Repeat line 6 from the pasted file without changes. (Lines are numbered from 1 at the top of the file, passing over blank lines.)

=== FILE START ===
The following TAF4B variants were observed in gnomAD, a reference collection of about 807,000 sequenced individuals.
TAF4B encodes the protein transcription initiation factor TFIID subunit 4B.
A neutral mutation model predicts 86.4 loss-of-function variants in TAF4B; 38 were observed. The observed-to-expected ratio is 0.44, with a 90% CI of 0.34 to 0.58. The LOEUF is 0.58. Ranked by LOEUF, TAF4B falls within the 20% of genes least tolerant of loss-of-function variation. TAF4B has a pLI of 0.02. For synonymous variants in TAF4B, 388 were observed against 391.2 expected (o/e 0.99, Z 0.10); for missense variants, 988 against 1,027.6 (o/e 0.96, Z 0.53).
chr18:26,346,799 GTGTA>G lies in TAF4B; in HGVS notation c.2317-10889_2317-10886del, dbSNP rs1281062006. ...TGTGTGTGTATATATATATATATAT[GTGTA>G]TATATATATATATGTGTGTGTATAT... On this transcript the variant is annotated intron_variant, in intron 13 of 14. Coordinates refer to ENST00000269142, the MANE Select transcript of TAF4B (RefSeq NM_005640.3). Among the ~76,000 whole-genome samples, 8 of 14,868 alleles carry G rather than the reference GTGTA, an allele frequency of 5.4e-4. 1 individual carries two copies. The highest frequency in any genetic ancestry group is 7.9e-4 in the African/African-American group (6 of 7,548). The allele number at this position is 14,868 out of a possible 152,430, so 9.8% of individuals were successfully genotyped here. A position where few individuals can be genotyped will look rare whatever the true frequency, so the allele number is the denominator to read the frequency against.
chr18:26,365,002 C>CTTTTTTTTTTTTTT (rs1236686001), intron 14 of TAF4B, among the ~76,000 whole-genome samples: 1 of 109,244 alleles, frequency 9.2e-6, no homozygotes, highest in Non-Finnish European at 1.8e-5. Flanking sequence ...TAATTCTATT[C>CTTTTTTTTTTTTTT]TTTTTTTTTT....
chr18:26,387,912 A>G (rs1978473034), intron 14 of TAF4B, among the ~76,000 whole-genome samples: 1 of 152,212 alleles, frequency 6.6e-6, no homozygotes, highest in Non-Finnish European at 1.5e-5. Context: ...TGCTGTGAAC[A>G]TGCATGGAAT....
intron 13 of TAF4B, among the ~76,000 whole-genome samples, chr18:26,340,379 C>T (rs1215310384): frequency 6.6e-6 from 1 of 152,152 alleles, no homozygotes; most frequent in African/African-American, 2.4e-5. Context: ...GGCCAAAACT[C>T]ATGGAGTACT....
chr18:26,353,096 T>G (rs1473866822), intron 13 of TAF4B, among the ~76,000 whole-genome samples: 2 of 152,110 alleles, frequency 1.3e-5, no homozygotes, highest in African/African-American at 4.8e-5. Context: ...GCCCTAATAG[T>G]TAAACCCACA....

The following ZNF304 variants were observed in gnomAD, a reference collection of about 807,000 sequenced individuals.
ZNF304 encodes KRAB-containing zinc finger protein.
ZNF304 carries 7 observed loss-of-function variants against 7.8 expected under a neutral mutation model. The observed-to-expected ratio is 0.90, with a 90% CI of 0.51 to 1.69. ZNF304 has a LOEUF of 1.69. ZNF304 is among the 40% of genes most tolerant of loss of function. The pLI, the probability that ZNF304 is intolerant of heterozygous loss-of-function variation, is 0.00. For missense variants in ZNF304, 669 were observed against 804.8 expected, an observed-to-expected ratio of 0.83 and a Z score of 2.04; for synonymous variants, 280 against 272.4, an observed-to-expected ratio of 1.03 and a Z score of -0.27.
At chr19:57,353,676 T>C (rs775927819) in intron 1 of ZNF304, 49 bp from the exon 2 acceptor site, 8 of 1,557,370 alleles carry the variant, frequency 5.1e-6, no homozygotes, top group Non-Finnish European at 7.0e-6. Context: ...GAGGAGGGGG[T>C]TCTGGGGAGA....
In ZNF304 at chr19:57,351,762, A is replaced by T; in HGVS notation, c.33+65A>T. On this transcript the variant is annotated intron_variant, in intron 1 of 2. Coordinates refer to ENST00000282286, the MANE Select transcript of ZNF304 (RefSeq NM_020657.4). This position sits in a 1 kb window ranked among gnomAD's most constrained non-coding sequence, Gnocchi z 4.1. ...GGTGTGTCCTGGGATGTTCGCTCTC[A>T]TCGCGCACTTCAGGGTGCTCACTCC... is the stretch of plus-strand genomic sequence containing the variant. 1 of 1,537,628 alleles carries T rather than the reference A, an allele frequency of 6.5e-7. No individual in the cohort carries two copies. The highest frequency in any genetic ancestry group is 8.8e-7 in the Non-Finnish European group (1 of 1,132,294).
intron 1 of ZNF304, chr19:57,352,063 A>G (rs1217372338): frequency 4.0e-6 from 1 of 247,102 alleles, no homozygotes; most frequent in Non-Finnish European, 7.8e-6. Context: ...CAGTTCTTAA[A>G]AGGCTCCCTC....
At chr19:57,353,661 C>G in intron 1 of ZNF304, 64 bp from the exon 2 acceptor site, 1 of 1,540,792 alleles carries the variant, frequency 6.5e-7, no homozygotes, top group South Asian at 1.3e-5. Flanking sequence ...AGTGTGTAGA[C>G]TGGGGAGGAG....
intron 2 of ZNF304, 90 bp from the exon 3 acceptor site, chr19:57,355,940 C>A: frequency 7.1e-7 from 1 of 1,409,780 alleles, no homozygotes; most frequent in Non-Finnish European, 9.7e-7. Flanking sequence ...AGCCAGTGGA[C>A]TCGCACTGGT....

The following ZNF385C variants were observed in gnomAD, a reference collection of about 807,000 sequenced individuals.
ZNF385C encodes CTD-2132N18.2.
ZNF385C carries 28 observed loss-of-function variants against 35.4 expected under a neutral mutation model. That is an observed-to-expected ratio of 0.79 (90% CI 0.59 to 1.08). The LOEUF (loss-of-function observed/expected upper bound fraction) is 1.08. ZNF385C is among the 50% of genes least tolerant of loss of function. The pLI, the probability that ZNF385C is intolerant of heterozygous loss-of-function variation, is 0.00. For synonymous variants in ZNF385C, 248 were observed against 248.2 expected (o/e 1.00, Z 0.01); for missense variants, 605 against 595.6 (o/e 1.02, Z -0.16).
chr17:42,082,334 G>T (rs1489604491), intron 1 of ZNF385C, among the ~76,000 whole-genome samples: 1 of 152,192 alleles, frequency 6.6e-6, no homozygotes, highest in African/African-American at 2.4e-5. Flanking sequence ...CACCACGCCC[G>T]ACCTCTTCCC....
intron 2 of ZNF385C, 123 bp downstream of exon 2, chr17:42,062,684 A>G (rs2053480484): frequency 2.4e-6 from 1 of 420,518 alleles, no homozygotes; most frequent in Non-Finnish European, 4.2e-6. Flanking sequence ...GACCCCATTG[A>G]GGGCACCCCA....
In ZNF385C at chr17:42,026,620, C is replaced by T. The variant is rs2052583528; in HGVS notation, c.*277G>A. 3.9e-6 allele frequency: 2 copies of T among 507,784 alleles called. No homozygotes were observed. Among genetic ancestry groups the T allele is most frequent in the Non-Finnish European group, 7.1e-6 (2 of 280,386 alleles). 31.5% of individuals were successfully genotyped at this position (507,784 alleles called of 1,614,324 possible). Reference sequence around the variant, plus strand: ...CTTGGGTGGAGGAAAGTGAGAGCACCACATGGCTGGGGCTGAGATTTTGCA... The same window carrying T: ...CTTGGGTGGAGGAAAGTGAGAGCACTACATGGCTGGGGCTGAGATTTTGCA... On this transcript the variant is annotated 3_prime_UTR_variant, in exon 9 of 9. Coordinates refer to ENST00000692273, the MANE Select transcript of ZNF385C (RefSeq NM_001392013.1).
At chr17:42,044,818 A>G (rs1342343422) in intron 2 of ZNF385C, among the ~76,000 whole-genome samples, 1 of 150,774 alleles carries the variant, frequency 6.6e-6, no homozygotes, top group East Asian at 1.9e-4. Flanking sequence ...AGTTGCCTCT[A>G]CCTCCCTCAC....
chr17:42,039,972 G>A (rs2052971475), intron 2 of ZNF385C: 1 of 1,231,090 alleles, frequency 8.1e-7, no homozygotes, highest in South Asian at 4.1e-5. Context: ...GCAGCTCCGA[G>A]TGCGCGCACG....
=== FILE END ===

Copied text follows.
chr18:26,387,912 A>G (rs1978473034), intron 14 of TAF4B, among the ~76,000 whole-genome samples: 1 of 152,212 alleles, frequency 6.6e-6, no homozygotes, highest in Non-Finnish European at 1.5e-5. Context: ...TGCTGTGAAC[A>G]TGCATGGAAT....